Local truck driver and well-known driving instructor Phil Hayes is calling for traffic lights to be put in at the Snowy Mountains Highway/ Gocup Road intersection.
He believes they are the most effective way to prevent further accidents at the notorious crossroads.
“It’s a question of ‘when’ not ‘if’ there’s a fatality,” he said.
“Somebody’s going to go under a truck. They’ll be coming along the Snowy Mountains Highway not watching what they’re doing, and they’ll go underneath a truck that’s turning. It’s a real danger, and it’s worse now than it ever was due to the amount of traffic that we have.”
Mr Hayes said traffic lights would stop the risk that comes from trucks turning at a slow speed onto the Snowy Mountains Highway from Gocup Road while cars are zooming along at 60 kilometres an hour.
In his experience, many people don’t understand how slow a loaded B-Double is, and how limited their reaction times are, and don’t behave safely around them even when they aren’t at a tricky intersection. However, with traffic lights, trucks wouldn’t have to navigate highway traffic while they’re trying to turn.
“Coming out of there myself as a truck driver, I know how long it takes to get out,” he said.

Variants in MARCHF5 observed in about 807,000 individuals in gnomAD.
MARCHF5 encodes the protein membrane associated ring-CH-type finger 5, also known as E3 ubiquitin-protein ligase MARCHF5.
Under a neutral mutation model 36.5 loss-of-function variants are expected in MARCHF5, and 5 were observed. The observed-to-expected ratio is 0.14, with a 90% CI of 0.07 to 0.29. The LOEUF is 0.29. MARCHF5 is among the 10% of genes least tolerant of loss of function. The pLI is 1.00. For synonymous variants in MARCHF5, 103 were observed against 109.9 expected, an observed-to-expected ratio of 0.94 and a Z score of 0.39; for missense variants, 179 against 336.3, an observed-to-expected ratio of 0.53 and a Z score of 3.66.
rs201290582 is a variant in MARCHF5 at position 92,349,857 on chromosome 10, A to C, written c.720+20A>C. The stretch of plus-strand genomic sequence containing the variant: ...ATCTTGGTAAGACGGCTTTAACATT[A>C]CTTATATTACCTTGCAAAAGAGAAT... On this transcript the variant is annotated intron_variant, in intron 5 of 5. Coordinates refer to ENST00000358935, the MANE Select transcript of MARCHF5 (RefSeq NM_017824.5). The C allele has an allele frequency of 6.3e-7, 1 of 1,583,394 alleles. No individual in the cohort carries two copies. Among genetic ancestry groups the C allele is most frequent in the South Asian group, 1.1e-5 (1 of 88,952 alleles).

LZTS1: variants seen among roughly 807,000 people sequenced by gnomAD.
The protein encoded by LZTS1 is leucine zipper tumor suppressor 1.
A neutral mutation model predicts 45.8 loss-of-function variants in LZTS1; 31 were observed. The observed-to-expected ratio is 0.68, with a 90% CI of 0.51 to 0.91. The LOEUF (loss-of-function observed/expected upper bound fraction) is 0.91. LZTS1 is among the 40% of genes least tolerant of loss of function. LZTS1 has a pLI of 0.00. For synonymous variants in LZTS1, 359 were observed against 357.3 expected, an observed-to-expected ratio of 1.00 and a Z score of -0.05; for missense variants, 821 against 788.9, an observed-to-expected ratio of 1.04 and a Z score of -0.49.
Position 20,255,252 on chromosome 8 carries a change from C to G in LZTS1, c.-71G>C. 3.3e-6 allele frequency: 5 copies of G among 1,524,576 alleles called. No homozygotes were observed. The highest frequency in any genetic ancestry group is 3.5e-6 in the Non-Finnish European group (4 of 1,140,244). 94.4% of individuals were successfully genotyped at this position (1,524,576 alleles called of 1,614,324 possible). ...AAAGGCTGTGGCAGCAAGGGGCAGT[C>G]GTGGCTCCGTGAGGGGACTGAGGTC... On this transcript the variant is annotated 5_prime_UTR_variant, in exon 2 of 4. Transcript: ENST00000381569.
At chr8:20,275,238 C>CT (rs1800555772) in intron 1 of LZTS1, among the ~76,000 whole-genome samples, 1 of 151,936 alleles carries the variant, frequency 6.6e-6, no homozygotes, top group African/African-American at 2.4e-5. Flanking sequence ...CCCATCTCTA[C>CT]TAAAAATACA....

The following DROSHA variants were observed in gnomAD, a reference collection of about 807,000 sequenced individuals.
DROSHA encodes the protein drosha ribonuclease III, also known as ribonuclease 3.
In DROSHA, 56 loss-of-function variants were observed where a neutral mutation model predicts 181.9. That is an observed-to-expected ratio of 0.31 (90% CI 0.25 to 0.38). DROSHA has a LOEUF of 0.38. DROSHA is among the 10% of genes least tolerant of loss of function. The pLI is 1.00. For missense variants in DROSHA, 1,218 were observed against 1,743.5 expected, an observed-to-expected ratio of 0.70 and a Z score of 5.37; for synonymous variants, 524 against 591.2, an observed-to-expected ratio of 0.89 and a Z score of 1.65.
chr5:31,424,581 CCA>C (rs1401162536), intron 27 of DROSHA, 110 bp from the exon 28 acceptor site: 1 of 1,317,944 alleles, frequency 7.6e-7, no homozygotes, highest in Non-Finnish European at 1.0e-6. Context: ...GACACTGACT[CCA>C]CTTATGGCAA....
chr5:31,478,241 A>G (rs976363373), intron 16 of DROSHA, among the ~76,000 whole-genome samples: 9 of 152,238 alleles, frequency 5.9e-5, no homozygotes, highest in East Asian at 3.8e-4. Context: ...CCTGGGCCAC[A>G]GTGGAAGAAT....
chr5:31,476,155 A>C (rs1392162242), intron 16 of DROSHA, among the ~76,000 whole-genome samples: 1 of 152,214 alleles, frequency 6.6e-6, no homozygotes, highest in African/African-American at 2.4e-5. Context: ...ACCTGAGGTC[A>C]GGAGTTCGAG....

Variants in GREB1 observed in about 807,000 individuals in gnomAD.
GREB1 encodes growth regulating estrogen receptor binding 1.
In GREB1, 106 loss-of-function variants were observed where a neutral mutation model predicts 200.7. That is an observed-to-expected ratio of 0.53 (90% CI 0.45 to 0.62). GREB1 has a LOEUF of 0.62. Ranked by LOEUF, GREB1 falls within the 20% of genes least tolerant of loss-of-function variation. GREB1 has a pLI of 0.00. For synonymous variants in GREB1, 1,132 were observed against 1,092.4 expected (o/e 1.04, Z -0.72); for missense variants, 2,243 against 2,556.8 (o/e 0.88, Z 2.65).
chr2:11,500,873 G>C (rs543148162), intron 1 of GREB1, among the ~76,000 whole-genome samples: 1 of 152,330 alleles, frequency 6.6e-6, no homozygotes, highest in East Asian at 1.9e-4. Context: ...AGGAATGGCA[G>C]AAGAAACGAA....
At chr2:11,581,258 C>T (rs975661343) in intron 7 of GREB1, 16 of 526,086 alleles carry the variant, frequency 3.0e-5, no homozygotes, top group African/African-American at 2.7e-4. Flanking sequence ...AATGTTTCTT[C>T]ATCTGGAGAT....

“The government’s allocated half a million dollars to do a feasibility study to see what the safest option is.
“There is nothing safer than lights – if you put a roundabout there a B-Double’s going to be slower coming out around that than on the intersection now.”
His plan would involve widening Gocup Road and the caravan park side of the Snowy Mountains Highway to enable proper turning lanes, adding official turning lanes to Capper Street and the Adelong side of the highway, and installing traffic lights at each entry point to the intersection: Gocup Road, Capper Street, and both sides of the highway.
This would prevent what he believes is an inevitable collision of car and truck, solve the problem of visibility of traffic on the curve approaching the intersection from the caravan park side, and manage the build up of traffic than can occur on Gocup Road.
“Right now it’s a bottleneck,” he said.
“They’ve extended the Give Way signs out a bit – which is good, it gives you a bit more vision – but it doesn’t get rid of the problem.
“You can sit there for four or five minutes sometimes before you’ve got a gap, and if you’ve got a gap for a car to go out you haven’t got a gap for a truck. If one truck sits there for a few minutes there could be five or six others behind.
“Widening the road isn’t going to hurt it, it’s just swamp, it’s not anybody’s properties, so I can’t see giant costs or issues involved. It’s not going to be cheap, but if they spend a few million on it now but leave it like it is it’ll just be like the one out at Gilmore.”
The Batlow Road/Snowy Mountains Highway intersection at Gilmore was the recipient of extensive works that didn’t dramatically change the nature of the site, and saw a fatality there last month.
“Traffic lights aren’t a perfect solution but they’re the best one,” said Mr Hayes.